Animal Crossing Happy Home Paradise takes all that was innovative, fun, and satisfying from the original Happy Home Designer, fixes what made the game complete, and expands on the original game altogether creating a DLC expansion that, despite a few set backs, is well worth it for any owner of Animal Crossing: New Horizons.
Slime Rancher: Plortable Edition is a perfect combination of adventure, management, and cuteness that is addicting in the way all the best management sims are, but still brings a lot of originality to the genre. It’s relaxing and a must-play on Switch for any wholesome gamers.
Unto the End does a great job at capturing the struggle of survival and returning home, but is the struggle worth it? There isn’t a huge epic within Unto the End. There is no dialogue and the story is simple. The actual game in length is fairly short, but the repeated deaths due to brutal combat significantly lengthens the experience, if you even finish it. The story’s depth comes from the player’s emotions as they struggle to master the gameplay mirroring the hero’s struggle to make it home. But not everyone plays a video game to feel that kind of frustration. I sure don’t and though there were aspects to like about Unto the End, the combat was overall what ruined the experience for me.
What sounded like the combination of a management game, Animal Crossing, and The Sims turned out to be barely influenced by all three. If you’re looking for a relaxing Switch game where you can collect clothing, decorate your home, and hang out with animals, there is already the perfect game for you: Animal Crossing New Horizons. If you’ve already played it to the point of needing new joysticks, then there are plenty of other indie alternatives to pick up before giving Calico consideration.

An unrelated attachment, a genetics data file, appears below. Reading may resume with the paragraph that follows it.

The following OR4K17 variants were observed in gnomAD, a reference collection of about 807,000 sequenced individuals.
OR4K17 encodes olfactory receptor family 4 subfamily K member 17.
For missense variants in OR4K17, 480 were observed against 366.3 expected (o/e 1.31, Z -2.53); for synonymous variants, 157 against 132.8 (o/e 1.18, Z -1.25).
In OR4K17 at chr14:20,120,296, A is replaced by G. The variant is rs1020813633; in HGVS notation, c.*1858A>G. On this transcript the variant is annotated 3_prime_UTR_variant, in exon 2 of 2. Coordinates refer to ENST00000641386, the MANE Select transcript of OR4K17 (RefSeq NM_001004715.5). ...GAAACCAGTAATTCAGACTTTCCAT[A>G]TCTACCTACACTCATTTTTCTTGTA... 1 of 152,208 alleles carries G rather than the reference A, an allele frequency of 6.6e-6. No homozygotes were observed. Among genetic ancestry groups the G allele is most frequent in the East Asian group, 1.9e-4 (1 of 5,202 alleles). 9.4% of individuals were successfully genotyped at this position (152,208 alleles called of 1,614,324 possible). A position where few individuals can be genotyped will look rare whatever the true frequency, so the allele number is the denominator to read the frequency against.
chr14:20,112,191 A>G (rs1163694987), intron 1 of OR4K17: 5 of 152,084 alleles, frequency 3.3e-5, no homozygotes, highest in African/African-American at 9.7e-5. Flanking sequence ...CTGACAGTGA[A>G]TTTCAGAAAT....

Ultimately, Kolumno is an interesting concept and will likely be appealing to some players. There is gratification to be had when completing the levels and watching them play out perfectly feels like viewing a satisfaction compilation video on YouTube. However, the frustration in repeated failure on the same level or the controls that are awkward enough to break the relaxing feeling of the game overshadowed the positive moments.
Though it isn’t the perfect space game, it’s a pretty darn good one. It gives you so much to think about, but it never feels overwhelming thanks to the three difficulty settings. A casual player will have a great time with the Explorer setting, whereas fans of resource management games who love to strategize will enjoy the Veteran setting. The game is also educational and a great way to get newcomers interested in space.
I play a good amount of indie games yet this game, I believe, is the first game I have played by a Peruvian game developer. My first playthrough left me scratching my head at the cryptic story. It was only after reading an article on Peruvian funeral traditions did I begin to see the story and its metaphors with more clarity. It is experiences like this that make me happy as both a gamer and an anthropologist. As barriers for video game development become less and less of an obstacle, gamers are more and more likely to come across games made from cultures they have never been in contact with.
I would love to visit the charming island of Shelmerston. Clearly a lot of thought was put into this game and it is enjoyable to discover that. Unfortunately, I Am Dead’s repetitive gameplay, awkward controls, and short story that left me feeling discontent made me overall a bit disappointed.
Though A Short Hike doesn’t bring much new to the table (many elements will feel similar to Journey, Celeste, The Legend of Zelda: Breath of the Wild, Animal Crossing, or Stardew Valley), the game combines familiar mechanics so well that A Short Hike, despite a few small drawbacks, is a well put together, relaxing game you shouldn’t miss out on.